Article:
Hello Friends! Thanks so much for stopping by and visiting my blog, Stock Picks Bob's Advice! As always, please remember that I am an amateur investor, so please remember to consult with your professional investment advisers prior to making any investment decisions based on information on this website.
As part of my continued effort at sharing with all of you readers my actual trades in my actual trading account, I wanted to let you know that this morning, shortly after the opening, I sold 15 shares of my 105 share position of Graham (GHM) at $86.00/share. Grahm (GHM) continued to do well today in spite of the awful market tone and actually closed at $90.50, up $2.45 or 2.78% on the day.
Why did I sell any shares? Why 15 shares? Why today?
If you are a regular reader of my blog, you will know that I sell shares of stocks for two basic reasons: "good news" or "bad news". I define "good news" as a stock reaching appreciation targets...that is going higher in price...and reaching levels that I have set up artificially at certain percentage gain levels. To explain, I use 30, 60, 90, 120, 180, 240, 300, 360, and then 450, 540, 630%...etc., appreciation levels from the original purchase price as intermediate goals. That is when a holding reaches these levels, if it ever does, I initiate a sale of a portion of that holding.
When I first started this blog I believed if a stock moved higher 1/3 to 4/3 of its original price (an approximately 30% appreciation), then it made sense to always be selling 1/4. But that was, as I found out, far too extreme a portion of a holding to sell at these same intervals as my position shrunk in size as the stock appreciated in price.
I tried 1/6th....but again no luck. It appears that selling 1/7th of a holding is working at taking a portion 'off the table' yet leaving enough behind to see it actually grow absolutely.
The "bad news" part of a sale is when a stock is sold either because of some fundamental news announcement (like a poor earnings announcement or the management accused of wrong-doing), or simply because the stock has declined from a higher level.
Generally, after a stock has declined 8% I sell the stock if I have never sold any portion of it at an appreciation target. If, on the other hand, I sold 1/7th of a position (like I did today with Graham) and then the stock dips in price...I do not plan on waiting for an (8)% loss to sell, but instead move the sale price (of the ENTIRE position) to 'break-even'...that is, the price that I purchased the holding.
On the other hand, if I have sold a stock more than once at different appreciation levels...for instance if I sold a stock three times at 30, 60, and 90% appreciation levels...selling 1/7th of my holding each time....then instead of waiting for an (8)% loss, or even waiting for the stock to move back to 'break-even', I sell the stock should it reach 50% of the highest appreciation sale level. In this case, since the highest appreciation sale of this hypothetical holding was at a 90% appreciation level, then my sale point on the downside is if the stock declines to a 45% appreciation level. All of my sales on the downside are ENTIRE positions---unlike my partial 1/7th position sales on the upside.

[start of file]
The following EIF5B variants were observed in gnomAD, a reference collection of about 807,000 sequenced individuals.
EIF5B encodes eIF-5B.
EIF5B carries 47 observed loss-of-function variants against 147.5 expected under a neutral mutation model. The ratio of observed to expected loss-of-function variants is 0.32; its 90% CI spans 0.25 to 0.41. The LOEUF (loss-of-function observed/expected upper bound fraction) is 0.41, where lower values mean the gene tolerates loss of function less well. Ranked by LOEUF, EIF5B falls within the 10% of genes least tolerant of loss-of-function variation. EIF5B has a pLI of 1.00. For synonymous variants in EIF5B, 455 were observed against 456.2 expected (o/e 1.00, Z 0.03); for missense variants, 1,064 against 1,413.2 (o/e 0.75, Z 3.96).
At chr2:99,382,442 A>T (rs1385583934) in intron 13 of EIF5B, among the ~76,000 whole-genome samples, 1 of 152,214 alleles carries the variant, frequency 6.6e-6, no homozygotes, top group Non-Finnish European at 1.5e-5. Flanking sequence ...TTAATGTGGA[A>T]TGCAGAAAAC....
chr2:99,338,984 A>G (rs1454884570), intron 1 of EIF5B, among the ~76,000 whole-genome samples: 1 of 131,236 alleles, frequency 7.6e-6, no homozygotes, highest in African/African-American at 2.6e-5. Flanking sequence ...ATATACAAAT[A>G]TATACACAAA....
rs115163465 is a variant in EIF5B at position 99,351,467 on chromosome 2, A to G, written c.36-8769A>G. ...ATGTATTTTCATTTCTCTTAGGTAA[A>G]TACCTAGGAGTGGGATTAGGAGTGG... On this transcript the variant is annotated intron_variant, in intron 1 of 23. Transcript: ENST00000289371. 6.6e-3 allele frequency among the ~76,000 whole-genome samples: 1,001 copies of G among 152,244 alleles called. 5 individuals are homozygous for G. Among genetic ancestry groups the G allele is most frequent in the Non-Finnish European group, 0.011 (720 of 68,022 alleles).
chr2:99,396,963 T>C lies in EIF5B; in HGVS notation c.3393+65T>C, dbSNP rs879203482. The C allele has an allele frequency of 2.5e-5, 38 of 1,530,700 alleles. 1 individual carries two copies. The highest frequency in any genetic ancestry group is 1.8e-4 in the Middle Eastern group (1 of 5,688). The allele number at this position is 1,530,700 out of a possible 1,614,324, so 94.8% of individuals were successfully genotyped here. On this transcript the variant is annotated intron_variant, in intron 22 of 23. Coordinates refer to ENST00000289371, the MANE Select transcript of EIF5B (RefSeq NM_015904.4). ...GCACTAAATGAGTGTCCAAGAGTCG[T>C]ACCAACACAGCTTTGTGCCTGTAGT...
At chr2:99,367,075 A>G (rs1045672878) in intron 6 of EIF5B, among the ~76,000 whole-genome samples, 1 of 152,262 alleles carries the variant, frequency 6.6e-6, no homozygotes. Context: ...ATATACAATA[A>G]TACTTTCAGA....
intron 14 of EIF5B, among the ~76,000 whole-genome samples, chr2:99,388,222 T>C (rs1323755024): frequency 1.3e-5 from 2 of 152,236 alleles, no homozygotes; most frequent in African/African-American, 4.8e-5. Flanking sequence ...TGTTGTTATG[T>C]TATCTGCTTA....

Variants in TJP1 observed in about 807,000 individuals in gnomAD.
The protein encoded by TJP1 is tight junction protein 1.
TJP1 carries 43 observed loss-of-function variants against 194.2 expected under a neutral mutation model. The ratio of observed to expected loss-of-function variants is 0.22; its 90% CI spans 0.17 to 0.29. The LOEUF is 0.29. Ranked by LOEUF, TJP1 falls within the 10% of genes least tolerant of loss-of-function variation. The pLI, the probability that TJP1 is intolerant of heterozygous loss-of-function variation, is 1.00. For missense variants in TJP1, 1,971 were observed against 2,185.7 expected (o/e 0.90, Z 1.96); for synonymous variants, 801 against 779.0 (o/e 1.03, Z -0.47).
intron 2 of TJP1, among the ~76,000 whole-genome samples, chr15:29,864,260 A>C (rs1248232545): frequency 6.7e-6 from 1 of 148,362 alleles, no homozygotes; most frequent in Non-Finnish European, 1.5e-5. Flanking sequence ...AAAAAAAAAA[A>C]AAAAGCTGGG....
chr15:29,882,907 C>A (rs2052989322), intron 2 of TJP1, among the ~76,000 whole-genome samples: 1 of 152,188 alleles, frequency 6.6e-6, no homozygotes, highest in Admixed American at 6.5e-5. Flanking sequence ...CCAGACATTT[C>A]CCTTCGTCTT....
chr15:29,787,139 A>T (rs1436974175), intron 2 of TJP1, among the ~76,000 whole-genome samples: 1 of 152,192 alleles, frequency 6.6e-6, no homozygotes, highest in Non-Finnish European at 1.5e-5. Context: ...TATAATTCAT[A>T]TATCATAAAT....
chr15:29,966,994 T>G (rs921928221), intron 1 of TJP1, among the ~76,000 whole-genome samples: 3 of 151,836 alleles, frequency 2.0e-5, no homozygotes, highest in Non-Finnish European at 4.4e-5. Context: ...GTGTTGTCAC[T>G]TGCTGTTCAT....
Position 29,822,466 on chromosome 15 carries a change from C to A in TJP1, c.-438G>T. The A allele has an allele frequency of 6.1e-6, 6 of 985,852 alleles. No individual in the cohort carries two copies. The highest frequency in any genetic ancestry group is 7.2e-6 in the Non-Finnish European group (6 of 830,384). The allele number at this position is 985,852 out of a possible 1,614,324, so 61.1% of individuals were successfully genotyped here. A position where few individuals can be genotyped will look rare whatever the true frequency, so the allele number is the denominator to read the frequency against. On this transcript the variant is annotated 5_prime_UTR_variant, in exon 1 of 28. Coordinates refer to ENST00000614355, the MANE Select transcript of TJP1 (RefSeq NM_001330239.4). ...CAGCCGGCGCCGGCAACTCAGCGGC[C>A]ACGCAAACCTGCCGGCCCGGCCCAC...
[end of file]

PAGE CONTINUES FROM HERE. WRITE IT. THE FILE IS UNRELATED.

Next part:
Anyhow, I am sure that for you regular readers this commentary is entirely redundant. But if you are new to this blog, I hope you appreciate some of what I would call my "inner-workings" of my portfolio management strategy.
Finally, I use sales of stocks as signals. Signals that in the case of sales on the upside or "good news" sales, suggest that the environment might be o.k. to add a new position. I call this my "permission slip" to add a new position (if I am below my maximum of 20 positions).
Likewise, I use a sale of stock on "bad news" as a signal as well. In this case telling me that there is something 'bad' in the environment and that I am well-advised to do what I call "sitting on my hands" with the proceeds (again, of course, unless I am at my minimum of 5 positions--in which case I would replace the holding with a suitable candidate).
It is this way that I can shift my holdings in a fairly automatic fashion between cash and equities. This part appears to be working as I am now at 5 positions and the market environment is frightful.
Back to Graham.
My 105 shares of Graham (GHM) were purchased in my Trading Account at $64.48/share. With stock hitting $86, this represented a gain of $21.52 or 33.4% since purchase. This exceeded my 30% appreciation target yesterday, so this morning I sold 15 shares or 1/7th of my 105 shares, leaving me 90 shares which actually went ahead to move higher.
Ironically, I have now been handed a 'permission slip' to be adding a new positions. I didn't find anything 'suitable' today on the top % gainers list (where I start looking), and thus decided to continue to 'sit on my hands' with the proceeds.
That nickel is burning a hole in my pocket already and I shall be on the lookout tomorrow as well for something suitable for my portfolio.
Thanks so much for stopping by! If you ahve any comments or questions, please feel free to leave them on the website or email me at email@example.com.
If you can, be sure and visit my Covestor Page where my Trading Portfolio is monitored, my SocialPicks Page where my many picks from the past year or so are reviewed, and my Podcast Page where you can listen to some of my past and recent podcast shows on stocks.
Wishing you all good health and strong financial prospects,
Yours in investing,